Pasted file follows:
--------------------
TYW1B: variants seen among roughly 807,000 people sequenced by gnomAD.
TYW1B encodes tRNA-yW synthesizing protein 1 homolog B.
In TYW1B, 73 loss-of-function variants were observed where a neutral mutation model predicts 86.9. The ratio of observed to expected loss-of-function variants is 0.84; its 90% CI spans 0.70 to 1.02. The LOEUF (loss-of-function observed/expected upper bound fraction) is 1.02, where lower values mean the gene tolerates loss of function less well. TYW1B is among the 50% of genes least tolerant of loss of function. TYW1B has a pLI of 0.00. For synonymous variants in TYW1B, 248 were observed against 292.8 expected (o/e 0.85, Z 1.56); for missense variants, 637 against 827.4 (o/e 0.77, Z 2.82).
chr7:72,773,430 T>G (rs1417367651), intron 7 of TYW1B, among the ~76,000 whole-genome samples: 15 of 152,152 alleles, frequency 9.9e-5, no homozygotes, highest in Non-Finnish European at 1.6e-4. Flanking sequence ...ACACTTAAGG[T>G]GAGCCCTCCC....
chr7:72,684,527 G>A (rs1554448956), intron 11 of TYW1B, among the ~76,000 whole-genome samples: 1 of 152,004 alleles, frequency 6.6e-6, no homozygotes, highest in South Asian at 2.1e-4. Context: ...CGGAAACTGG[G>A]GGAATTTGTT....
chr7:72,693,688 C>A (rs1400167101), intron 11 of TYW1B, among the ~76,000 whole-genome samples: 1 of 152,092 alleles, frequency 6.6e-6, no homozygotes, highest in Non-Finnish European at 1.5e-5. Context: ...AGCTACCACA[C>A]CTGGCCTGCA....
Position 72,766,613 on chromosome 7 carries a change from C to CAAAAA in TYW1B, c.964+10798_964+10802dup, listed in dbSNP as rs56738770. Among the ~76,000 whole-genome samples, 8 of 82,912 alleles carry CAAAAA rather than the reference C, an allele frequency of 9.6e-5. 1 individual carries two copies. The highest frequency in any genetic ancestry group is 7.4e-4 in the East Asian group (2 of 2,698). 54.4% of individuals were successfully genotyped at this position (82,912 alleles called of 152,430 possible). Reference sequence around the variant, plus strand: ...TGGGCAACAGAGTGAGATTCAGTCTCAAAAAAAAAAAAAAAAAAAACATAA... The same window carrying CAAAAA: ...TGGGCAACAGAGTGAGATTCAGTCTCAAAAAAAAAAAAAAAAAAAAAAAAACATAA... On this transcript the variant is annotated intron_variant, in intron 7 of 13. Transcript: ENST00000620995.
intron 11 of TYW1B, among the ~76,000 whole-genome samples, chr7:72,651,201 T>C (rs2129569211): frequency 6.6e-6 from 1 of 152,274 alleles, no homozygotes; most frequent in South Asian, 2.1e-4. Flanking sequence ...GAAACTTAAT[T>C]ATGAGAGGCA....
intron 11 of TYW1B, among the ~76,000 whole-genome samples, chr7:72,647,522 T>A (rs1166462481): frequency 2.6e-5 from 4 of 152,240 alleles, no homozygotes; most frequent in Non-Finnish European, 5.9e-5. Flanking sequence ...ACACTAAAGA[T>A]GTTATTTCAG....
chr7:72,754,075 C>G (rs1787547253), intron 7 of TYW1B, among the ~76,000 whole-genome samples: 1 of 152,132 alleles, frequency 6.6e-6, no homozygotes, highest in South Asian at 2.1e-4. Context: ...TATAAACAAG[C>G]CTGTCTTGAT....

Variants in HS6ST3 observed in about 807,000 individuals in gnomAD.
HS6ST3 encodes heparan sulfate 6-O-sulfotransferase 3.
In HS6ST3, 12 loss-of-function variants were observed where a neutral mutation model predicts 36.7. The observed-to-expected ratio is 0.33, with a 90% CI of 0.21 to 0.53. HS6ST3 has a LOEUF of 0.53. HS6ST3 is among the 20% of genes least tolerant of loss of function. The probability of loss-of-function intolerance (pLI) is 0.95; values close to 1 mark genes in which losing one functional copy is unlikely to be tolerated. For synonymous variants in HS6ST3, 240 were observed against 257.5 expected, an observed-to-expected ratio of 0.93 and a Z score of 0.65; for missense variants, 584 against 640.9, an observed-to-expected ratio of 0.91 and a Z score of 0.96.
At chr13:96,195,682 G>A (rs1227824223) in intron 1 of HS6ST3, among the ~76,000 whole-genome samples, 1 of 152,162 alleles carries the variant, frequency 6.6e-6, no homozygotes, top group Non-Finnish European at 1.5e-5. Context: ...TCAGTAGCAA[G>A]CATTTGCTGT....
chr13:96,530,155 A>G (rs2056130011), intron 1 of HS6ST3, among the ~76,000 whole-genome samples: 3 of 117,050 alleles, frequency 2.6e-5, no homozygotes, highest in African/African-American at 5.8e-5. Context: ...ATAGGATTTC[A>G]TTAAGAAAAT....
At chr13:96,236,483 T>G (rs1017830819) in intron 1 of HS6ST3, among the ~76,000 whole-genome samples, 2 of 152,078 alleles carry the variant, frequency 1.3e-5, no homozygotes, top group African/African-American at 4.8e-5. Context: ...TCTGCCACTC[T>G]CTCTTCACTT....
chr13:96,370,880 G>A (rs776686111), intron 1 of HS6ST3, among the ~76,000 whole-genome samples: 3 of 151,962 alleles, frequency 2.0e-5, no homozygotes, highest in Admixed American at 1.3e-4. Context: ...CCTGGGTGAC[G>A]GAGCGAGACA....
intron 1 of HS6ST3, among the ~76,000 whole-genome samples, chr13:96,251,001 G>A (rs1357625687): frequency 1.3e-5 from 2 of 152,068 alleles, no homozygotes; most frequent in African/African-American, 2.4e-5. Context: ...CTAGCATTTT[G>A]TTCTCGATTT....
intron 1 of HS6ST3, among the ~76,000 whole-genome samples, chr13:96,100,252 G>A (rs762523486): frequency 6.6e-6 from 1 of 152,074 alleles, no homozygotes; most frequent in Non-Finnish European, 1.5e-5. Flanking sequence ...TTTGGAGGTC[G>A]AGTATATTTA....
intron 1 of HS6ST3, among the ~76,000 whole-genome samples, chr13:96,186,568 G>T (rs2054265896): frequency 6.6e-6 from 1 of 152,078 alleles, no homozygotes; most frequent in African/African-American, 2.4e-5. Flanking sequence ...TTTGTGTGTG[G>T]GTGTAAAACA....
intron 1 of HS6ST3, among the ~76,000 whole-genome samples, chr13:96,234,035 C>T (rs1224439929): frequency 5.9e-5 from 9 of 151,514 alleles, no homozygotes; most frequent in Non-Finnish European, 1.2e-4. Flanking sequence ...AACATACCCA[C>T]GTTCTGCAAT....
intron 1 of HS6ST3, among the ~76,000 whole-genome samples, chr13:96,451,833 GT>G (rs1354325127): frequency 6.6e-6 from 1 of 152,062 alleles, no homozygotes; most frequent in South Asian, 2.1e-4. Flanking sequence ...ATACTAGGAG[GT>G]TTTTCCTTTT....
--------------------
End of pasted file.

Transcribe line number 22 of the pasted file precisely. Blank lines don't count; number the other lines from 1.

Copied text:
intron 1 of HS6ST3, among the ~76,000 whole-genome samples, chr13:96,451,833 GT>G (rs1354325127): frequency 6.6e-6 from 1 of 152,062 alleles, no homozygotes; most frequent in South Asian, 2.1e-4. Flanking sequence ...ATACTAGGAG[GT>G]TTTTCCTTTT....